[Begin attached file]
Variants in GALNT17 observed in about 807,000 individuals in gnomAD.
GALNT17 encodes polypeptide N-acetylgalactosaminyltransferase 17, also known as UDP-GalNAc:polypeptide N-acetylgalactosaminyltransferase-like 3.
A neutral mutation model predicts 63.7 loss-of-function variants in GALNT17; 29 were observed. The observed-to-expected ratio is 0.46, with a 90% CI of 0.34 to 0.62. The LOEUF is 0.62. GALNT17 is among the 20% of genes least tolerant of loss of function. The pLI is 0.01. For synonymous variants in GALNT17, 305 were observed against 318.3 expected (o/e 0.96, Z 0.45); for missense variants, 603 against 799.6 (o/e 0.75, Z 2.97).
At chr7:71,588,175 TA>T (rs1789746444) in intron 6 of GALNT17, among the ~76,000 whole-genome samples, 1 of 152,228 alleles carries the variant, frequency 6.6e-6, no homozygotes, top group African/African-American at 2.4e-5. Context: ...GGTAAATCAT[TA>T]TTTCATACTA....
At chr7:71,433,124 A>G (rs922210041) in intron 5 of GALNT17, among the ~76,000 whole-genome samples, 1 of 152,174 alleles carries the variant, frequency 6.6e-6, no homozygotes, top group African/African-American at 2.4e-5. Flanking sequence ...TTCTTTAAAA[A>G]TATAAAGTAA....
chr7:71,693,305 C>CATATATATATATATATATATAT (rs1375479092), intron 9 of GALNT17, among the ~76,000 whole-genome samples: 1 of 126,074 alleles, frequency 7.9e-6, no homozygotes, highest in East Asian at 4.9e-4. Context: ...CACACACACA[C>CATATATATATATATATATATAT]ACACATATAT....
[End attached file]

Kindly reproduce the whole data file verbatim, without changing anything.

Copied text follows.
Variants in GALNT17 observed in about 807,000 individuals in gnomAD.
GALNT17 encodes polypeptide N-acetylgalactosaminyltransferase 17, also known as UDP-GalNAc:polypeptide N-acetylgalactosaminyltransferase-like 3.
A neutral mutation model predicts 63.7 loss-of-function variants in GALNT17; 29 were observed. The observed-to-expected ratio is 0.46, with a 90% CI of 0.34 to 0.62. The LOEUF is 0.62. GALNT17 is among the 20% of genes least tolerant of loss of function. The pLI is 0.01. For synonymous variants in GALNT17, 305 were observed against 318.3 expected (o/e 0.96, Z 0.45); for missense variants, 603 against 799.6 (o/e 0.75, Z 2.97).
At chr7:71,588,175 TA>T (rs1789746444) in intron 6 of GALNT17, among the ~76,000 whole-genome samples, 1 of 152,228 alleles carries the variant, frequency 6.6e-6, no homozygotes, top group African/African-American at 2.4e-5. Context: ...GGTAAATCAT[TA>T]TTTCATACTA....
At chr7:71,433,124 A>G (rs922210041) in intron 5 of GALNT17, among the ~76,000 whole-genome samples, 1 of 152,174 alleles carries the variant, frequency 6.6e-6, no homozygotes, top group African/African-American at 2.4e-5. Flanking sequence ...TTCTTTAAAA[A>G]TATAAAGTAA....
chr7:71,693,305 C>CATATATATATATATATATATAT (rs1375479092), intron 9 of GALNT17, among the ~76,000 whole-genome samples: 1 of 126,074 alleles, frequency 7.9e-6, no homozygotes, highest in East Asian at 4.9e-4. Context: ...CACACACACA[C>CATATATATATATATATATATAT]ACACATATAT....